To the Children of Parents Who Have a Chronic Illness


I get it. You see the parents of your friends doing things with them and taking them places. You a little bit jealous inside because you wish you could do that with your parent.

You are not alone.

Growing up, my mom didn’t go to my hockey games or watch me perform with my marching band. But when she did make it, it made those events a thousand times more special. You see, having a parent with a chronic illness, especially severe relapsing multiple sclerosis (MS), isn’t the easiest thing in the world. It’s probably one of the most difficult.

daughter posing with a photo with he mother

During the last few years of my mom’s life, there were nights I couldn’t spend time with my friends or follow through with plans with them because her aide called out or never showed up and I needed to help her. Those were also the nights we had a movie night and stayed up until 4 a.m. watching Disney movies. There were also the times I didn’t come home when she needed me or ignored her phone calls so I could spend time with my friends because I could always go there tomorrow.

But sometimes tomorrow never comes.

In March of this year, I lost my mom, my number one supporter and cheerleader, to a blood clot caused by her being bedridden from MS. I hadn’t seen or talked to her in a week. I saw her unconscious in the ER, and I begged and pleaded with God that if she woke up, I would be a better daughter. I would move back in with her and stay with her 24/7. Sadly, she never did regain consciousness, and my world came crashing down.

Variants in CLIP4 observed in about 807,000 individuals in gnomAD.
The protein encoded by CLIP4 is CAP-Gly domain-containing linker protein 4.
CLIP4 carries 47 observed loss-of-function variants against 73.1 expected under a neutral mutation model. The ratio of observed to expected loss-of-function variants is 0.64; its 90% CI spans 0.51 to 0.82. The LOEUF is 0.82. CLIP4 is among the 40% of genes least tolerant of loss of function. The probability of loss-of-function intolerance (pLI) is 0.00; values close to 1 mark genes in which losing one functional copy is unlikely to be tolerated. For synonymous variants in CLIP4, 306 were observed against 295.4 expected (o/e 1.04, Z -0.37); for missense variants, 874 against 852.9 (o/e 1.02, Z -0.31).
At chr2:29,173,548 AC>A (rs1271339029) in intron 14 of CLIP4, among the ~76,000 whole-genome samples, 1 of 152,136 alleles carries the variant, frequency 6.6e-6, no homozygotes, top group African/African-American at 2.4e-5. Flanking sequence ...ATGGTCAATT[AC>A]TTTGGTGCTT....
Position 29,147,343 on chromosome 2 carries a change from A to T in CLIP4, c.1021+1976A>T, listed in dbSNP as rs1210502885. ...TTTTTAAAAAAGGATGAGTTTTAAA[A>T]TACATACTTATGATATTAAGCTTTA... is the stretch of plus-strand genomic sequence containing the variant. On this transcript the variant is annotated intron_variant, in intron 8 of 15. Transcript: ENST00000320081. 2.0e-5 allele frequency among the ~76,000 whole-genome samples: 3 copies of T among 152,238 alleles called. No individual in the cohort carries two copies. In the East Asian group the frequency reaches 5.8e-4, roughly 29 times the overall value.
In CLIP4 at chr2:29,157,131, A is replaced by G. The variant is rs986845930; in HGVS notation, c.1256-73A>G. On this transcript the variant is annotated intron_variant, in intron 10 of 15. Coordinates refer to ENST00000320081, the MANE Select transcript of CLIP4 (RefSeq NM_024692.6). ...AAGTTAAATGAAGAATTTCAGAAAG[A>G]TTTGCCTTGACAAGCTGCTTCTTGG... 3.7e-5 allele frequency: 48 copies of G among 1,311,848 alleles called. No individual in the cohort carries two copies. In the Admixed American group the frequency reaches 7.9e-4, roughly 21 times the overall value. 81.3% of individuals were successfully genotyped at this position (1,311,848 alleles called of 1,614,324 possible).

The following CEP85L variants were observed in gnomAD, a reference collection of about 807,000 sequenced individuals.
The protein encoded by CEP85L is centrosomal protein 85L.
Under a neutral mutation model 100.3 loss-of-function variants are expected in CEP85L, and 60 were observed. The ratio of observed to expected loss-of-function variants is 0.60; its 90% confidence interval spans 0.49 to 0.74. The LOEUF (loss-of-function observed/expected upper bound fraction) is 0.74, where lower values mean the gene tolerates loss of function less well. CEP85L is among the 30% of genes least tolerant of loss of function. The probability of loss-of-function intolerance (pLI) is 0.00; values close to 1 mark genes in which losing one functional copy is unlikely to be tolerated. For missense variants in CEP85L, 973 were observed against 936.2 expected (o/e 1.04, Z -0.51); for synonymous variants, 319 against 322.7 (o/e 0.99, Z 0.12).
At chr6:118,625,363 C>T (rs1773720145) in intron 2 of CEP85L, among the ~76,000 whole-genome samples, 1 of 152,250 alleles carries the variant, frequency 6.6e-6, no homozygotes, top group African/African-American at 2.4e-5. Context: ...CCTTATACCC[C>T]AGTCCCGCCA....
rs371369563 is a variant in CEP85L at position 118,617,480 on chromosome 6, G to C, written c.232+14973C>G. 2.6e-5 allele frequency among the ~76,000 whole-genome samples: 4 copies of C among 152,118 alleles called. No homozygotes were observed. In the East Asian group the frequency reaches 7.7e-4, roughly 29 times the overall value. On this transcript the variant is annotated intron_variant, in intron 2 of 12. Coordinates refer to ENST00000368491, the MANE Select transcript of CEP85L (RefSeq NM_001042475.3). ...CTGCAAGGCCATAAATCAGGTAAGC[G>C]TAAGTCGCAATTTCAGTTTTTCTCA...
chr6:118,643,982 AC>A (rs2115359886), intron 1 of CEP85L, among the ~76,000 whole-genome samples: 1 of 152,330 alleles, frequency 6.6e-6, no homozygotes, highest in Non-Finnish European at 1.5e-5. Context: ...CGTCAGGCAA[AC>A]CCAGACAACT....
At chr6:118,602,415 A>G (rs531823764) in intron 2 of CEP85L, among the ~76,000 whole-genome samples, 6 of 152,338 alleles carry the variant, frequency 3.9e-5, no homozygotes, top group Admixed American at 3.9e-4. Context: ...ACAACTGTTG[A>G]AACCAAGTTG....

After she was gone, all the jealousy that was pent up from not being able to go out when I wanted to or seeing my friends with their parents turned to serious, gut-wrenching regret. How could I feel that way? How could I not cherish the moments I spent with her? How did I go on for so long without speaking or seeing the one person who has always been in my corner? I carry that feeling with me every day.

My advice to you is that life is short. Stay at home with your parent, cook them a homemade meal, watch movies with them or play board games. Treasure these moments with them because in a blink of an eye they could be gone forever.

I would give anything to have one more pizza night or watch “Hannah Montana: The Movie” for the thousandth time because it was her favorite.

Always remember that you are not alone. There are so many of us who know what you’re going through and understand. Don’t be afraid to reach out to us, ask questions and share your stories. I wish I grew up having someone who understood what I was going through. 

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